As the title said, what’s the key point when you want to get your first 3d printer? Speed or others?
This kind of depends on what you want to use your 3D printer for. If you want to print miniatures for playing D&D or blanks for making jewelry for instance, you want an SLA (resin) printer. They’re kings at doing detail work, but require more care as the resin is UV sensitive and you need gloves when working with it.
Don’t worry about speed much. You’ll be waiting for parts no matter what you do and in general any increase in speed equates to a decrease in quality
I print miniatures mostly and due to allergies: no resin printer. Speed is not an issue, but detail, a decent helpdesk and good reviews do the trick.
I would say the most important thing would be the help you can get here for the brand of 3D printer you buy. There are dozens of printers, but if no one knows about the printer enough to be a valuable help then you can only take the information from their experience with their printer to work out your problem.
I have been 3D printing about 18 months now. I am on my second printer. The first was probably a very fine printer, but no one here had one, therefore only generic help. The other, there were several people here, but no one liked this one, so it was abandoned by them early on.
I have to agree that support is on the top of the list and seeing how most companies customer support leave much to be desired looking at community support is a good idea.
I’d rather have a machine that has both speed and quality, in fact the current machines are ditching speed!!!
What brand are you using? I recently saw a machine that was advertised as being particularly exaggerated, supposedly capable of 500mm/s idle speed, have you heard of Elyarchi?
@Amaya My first printer is/was a Geeeteck A20. My current is a JG Maker Artist Pro. Both have their advantages and disadvantages. It is good you ask what people here have and draw your information from that. As far as the Elarchi, I have not heard of it until now and I looked on line and seems interesting.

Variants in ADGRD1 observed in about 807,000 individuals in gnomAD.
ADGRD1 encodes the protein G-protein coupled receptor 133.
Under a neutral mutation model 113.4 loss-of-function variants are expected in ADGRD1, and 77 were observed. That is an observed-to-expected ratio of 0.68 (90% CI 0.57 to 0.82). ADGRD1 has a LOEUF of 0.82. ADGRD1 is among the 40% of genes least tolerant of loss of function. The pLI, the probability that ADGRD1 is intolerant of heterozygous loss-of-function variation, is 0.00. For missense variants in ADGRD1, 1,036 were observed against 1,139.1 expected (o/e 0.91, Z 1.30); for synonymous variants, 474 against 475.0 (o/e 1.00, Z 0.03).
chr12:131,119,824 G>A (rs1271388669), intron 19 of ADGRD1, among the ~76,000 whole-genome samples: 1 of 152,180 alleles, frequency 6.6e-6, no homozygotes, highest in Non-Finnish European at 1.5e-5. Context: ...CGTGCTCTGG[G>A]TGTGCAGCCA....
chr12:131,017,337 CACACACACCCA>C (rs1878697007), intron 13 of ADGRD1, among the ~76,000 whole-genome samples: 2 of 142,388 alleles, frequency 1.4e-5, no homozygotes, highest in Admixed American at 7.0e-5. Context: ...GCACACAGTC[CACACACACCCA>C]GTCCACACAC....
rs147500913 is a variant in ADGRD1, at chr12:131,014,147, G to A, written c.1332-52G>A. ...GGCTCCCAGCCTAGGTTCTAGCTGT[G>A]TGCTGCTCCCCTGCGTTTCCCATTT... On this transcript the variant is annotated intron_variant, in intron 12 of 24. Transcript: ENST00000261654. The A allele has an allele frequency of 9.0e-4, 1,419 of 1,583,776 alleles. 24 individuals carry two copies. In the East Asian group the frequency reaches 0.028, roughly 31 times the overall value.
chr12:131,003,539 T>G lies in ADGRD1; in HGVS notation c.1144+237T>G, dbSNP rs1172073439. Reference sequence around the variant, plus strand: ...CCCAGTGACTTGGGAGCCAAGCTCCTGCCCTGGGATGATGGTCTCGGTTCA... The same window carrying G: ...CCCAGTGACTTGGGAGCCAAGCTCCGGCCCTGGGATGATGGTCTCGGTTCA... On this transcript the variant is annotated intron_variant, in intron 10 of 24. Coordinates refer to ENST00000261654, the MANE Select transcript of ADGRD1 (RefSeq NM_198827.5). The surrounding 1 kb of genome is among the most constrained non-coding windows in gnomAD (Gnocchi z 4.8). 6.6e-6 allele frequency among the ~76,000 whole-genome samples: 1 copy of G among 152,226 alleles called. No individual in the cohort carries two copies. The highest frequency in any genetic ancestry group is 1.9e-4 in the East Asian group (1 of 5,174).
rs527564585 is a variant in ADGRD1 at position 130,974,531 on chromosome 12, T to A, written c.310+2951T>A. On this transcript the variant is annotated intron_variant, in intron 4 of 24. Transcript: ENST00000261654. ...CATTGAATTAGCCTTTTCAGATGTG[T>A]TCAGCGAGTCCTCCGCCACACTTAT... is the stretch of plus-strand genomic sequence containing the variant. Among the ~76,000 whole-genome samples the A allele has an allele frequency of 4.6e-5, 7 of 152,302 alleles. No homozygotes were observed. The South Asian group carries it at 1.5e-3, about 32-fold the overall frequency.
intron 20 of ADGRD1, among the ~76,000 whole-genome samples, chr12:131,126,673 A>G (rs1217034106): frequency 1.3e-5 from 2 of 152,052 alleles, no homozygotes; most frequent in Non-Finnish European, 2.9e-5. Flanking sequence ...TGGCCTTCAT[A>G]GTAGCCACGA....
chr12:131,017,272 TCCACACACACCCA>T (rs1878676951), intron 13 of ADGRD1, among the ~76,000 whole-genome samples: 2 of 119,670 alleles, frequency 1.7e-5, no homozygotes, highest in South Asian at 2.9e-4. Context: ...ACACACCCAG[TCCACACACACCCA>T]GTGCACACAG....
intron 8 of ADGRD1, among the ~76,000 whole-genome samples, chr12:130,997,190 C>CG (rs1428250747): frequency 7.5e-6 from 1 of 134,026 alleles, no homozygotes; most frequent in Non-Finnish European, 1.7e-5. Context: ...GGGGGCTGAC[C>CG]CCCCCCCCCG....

You can also check the Made with Tech Youtube channel Irv has many reviews on 3D printers.
I think the most critical factor in selecting a 3d printer is the size of the community of users and the availability of parts. I have used many different 3d printers, done many printer modifications, and keep returning to two brands that I find cost-effective with good communities and good part availability. Creality and FLSUN. Unfortunately, since Creality has so many different machines, you have to be careful. Some are excellent. Some are overpriced and perform poorly.
IDEX printers are excellent in principle but tricky to align and support. So I would only recommend them if you have a specific need.
Right now, the printers I use the most is Ender 3 S1 Pro (for high quality and higher temperatures) and a FLSUN Super Racer for fast prints.
Cura and PrusaSlicers’ latest version has created a new dynamic for selecting 3d printers. The Arachne variable line width engine focuses on extruder accuracy and flow control. In my opinion, this makes a direct extruder which by design has less “slop” in the system, a new requirement. Additionally, with new, much smaller direct extruders, the advantages of Bowden configurations are minimized.
In the Creality line, this pushes you towards an Ender 3 S1 since the Ender 3 Ero, a solid printer, is a Bowden configuration if you need the very best quality.
I have multiple lower prices direct extruder printers I will be reviewing in the next few months to see if there is a better entry point for people new to the hobby.
P.S. Yes, the FLSUN Super Racer is a Bowden still of the printer, but I use it for SPEED not for quality. For quality, I use the Ender 3 S1 Pro.
I said this a few times already here in the forum: I would get a kit. A real kit not a two parts and 4 screw assembly. This way you learn everything about your printer and printing itself.
At first it may look like a waste of time, but as soon as you stumble on a problem this previously invested time pays back. Instead of fishing in the dark or asking on forums getting four different solutions, you already know every part of your printer and know what it does.
This saves time. More time then you invested in building the printer in the first place.
I know several guys who gave up 3D printing, because after 6-12 month their out of the box working printer failed and the problem finding frustration took over.
If this message is in the wrong forum, sorry. It can be moved.
I’m totally new to 3D printing.
I’m trying to determine which printer would best meet my needs.
I see 3D printer as a tool. The kind of print that I intend to achieve
is utilitarian. My first experience was great, I needed a spacer with a particular shape.
I drew the shape in 3D with Solidworks and I contacted someone who had a 3D printer,
and the result was excellent.
I plan to print tools, replace pieces of broken plastic, designing and printing fairings
for airplane (experimental) that sort of thing.
I focus a lot on quality. The price is not a big issue but at the same time I live in Canada